|Lietze, Verena-Ulrike - UNIVERSITY OF FLORIDA|
|Blackburn, Patrick - UNIVERSITY OF FLORIDA|
|Boucias, Drion - UNIVERSITY OF FLORIDA|
Submitted to: Applied and Environmental Microbiology
Publication Type: Peer Reviewed Journal
Publication Acceptance Date: September 1, 2007
Publication Date: November 1, 2007
Citation: Lietze, V., Geden, C.J., Blackburn, P., Boucias, D.G. 2007. Effects of salivary gland hyperplasia virus on reproductive behavior of the house fly, Musca domestica. Applied and Environmental Microbiology. 73:6811-6818. Interpretive Summary: House flies are important pests associated with animals and humans and transmit a wide array of disease organisms. Efforts to manage flies have traditionally relied on chemical insecticides, but flies have become resistant to most insecticides and there is increasing public demand to reduce pesticide use around animals that are used in the production of meat, milk and eggs. Most biological control research on flies has concentrated on targeting fly pupae with parasitic wasps. In contrast, efforts to manage adult flies has been restricted to pathogenic fungi, with mixed results. In this paper, scientists at the University of Florida and USDA-ARS’s Center for Medical, Agricultural and Veterinary Entomology (Gainesville, FL) report on a novel viral disease of adult flies. The virus is spread when infected flies regurgitate on food that is then fed upon by healthy flies. Once they are infected, female flies are unable to metabolize protein meals properly and fail to develop eggs. Infected female and male flies are also less successful in their mating behavior. Because infected flies neither mate readily nor lay eggs, the virus could serve as an important natural control agent that could be manipulated to limit fly population growth early in the fly season.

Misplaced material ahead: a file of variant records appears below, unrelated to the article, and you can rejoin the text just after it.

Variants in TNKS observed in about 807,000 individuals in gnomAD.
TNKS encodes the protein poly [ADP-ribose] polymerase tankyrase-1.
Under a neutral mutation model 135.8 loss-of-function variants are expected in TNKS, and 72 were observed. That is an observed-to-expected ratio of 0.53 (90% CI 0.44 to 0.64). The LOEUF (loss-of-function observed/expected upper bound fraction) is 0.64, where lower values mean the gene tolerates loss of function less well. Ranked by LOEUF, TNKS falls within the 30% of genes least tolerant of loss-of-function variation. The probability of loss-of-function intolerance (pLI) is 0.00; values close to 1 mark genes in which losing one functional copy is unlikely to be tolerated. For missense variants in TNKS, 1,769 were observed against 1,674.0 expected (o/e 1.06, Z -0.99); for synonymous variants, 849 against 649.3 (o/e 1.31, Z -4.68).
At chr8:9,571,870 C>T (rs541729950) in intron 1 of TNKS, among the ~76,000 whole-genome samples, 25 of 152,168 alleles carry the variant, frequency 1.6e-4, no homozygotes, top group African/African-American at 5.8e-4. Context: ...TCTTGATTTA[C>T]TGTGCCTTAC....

Technical Abstract: Pathological studies demonstrated that the salivary gland hyperplasia virus of house flies (MdSGHV) shuts down reproduction in infected females. The mechanism that underlies the disruption of reproduction functioned onat several levels. Females infected at the pre-vitellogenic stage did not produce eggs, reflecting a block in the gonadotropic cycle. SDS-PAGE and western blot analysis on hemolymph samples demonstrated that MdSGHV infection reduced levels of both the female specific hexamerin and egg yolk proteins. Furthermore, qRT-PCR data demonstrated that infection blocked hexamerin and the yolk protein gene transcription. If females were allowed to develop eggs prior to infection (post-vitellogenic stage), the outcomes of mating attempts depended upon when mating was allowed to take place. If the egg-containing, virus-infected females were mated within 24 h of infection, they copulated and deposited a single batch of fertilized eggs. However, if mating was delayed for a longer period, then these egg-containing females refused to copulate with healthy males. Both of these results suggested that a virus-induced signal influenced the CNS, shutting down female receptivity and egg production. All experiments demonstrated that MdSGHV-infected males did not display azoospermia and were fertile. Both the healthy females mated with infected males and the resulting F1 progeny were free of SGH symptoms, which suggestsing that this virus is not sexually or vertically transmitted.